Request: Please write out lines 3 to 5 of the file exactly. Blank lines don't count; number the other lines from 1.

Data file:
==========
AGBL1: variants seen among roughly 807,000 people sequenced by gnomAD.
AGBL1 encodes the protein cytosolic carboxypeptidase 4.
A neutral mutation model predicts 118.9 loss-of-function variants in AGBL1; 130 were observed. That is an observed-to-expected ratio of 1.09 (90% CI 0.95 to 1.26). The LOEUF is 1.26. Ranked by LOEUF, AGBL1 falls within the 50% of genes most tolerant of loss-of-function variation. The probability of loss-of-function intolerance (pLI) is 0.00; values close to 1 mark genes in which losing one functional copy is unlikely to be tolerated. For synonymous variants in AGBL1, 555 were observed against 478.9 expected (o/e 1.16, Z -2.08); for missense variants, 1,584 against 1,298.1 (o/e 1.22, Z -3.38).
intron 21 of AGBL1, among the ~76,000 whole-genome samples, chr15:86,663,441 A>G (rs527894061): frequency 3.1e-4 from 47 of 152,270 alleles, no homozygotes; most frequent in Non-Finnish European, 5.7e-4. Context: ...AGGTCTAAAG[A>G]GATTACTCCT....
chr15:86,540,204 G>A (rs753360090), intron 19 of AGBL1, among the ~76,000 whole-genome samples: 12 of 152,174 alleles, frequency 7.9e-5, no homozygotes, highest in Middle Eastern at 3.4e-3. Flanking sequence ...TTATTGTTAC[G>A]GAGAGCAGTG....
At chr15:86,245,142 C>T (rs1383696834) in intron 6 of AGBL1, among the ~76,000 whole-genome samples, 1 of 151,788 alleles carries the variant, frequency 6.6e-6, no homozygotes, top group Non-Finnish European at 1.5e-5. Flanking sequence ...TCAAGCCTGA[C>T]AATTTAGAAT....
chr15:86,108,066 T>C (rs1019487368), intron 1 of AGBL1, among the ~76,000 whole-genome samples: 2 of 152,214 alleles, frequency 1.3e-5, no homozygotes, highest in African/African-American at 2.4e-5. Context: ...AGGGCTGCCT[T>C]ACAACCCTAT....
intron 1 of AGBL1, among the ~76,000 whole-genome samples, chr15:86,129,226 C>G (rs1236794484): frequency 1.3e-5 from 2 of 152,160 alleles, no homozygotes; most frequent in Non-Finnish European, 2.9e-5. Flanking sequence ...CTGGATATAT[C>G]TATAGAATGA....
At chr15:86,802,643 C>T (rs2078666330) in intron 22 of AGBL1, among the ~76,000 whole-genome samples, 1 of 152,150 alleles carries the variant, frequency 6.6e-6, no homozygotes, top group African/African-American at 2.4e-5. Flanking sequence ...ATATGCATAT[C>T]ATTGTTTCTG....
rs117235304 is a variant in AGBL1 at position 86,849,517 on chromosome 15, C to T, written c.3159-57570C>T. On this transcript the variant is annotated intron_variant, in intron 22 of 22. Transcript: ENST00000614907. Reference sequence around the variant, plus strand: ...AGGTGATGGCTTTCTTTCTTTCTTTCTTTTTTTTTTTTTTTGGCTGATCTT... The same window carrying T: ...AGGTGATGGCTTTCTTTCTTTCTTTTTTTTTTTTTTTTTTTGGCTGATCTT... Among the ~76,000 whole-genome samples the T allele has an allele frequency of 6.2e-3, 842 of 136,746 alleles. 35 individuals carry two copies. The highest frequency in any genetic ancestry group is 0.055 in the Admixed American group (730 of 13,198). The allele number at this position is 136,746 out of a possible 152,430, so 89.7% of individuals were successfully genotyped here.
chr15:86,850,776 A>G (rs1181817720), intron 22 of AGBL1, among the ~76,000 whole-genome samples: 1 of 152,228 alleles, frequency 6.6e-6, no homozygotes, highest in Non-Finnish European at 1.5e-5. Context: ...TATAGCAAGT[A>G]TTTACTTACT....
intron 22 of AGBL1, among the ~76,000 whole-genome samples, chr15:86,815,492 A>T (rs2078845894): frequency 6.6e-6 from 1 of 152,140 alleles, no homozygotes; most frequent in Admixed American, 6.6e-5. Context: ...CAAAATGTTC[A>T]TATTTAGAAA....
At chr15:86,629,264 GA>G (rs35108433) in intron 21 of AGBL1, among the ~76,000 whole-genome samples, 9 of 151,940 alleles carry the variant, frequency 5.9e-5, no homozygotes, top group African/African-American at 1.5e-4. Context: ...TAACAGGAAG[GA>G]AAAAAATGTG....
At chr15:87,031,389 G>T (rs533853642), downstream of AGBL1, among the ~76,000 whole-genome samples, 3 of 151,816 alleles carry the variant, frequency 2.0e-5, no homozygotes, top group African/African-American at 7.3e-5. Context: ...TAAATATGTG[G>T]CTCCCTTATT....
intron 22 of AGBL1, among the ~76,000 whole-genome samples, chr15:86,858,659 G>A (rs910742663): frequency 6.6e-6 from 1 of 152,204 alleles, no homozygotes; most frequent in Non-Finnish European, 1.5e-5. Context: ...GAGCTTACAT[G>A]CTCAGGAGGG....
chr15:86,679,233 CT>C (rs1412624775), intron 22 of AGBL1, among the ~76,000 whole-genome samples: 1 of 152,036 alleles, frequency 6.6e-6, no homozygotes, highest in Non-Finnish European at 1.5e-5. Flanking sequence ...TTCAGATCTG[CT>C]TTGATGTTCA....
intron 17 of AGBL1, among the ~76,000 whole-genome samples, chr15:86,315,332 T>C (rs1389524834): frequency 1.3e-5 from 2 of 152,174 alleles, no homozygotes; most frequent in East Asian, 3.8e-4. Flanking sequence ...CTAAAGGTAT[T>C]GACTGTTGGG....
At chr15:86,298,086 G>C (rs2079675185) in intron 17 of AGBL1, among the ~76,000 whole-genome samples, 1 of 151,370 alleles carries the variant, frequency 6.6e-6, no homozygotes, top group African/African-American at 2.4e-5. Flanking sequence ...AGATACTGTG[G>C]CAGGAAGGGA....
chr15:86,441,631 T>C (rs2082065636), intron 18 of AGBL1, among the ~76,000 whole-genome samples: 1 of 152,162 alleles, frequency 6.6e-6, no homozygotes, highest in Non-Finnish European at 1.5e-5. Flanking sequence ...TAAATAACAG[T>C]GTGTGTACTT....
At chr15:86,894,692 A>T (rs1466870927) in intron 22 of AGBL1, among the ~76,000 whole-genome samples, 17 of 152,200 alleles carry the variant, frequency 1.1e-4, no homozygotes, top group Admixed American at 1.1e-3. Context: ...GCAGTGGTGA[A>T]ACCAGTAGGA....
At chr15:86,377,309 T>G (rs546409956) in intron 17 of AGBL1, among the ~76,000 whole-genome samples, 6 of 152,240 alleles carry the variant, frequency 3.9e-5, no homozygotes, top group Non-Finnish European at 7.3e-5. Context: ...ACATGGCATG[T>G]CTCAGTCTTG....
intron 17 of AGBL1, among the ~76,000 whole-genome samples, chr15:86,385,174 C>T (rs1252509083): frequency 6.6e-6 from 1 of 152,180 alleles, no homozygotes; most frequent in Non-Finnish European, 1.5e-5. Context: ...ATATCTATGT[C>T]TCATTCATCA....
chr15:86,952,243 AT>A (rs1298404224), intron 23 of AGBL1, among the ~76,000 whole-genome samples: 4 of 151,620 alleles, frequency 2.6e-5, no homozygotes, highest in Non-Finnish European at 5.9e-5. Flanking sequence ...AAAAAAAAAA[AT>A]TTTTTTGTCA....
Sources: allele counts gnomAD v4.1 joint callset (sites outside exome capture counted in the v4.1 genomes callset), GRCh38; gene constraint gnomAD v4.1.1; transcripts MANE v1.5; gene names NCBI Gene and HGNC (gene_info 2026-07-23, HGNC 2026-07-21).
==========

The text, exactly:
A neutral mutation model predicts 118.9 loss-of-function variants in AGBL1; 130 were observed. That is an observed-to-expected ratio of 1.09 (90% CI 0.95 to 1.26). The LOEUF is 1.26. Ranked by LOEUF, AGBL1 falls within the 50% of genes most tolerant of loss-of-function variation. The probability of loss-of-function intolerance (pLI) is 0.00; values close to 1 mark genes in which losing one functional copy is unlikely to be tolerated. For synonymous variants in AGBL1, 555 were observed against 478.9 expected (o/e 1.16, Z -2.08); for missense variants, 1,584 against 1,298.1 (o/e 1.22, Z -3.38).
intron 21 of AGBL1, among the ~76,000 whole-genome samples, chr15:86,663,441 A>G (rs527894061): frequency 3.1e-4 from 47 of 152,270 alleles, no homozygotes; most frequent in Non-Finnish European, 5.7e-4. Context: ...AGGTCTAAAG[A>G]GATTACTCCT....
chr15:86,540,204 G>A (rs753360090), intron 19 of AGBL1, among the ~76,000 whole-genome samples: 12 of 152,174 alleles, frequency 7.9e-5, no homozygotes, highest in Middle Eastern at 3.4e-3. Flanking sequence ...TTATTGTTAC[G>A]GAGAGCAGTG....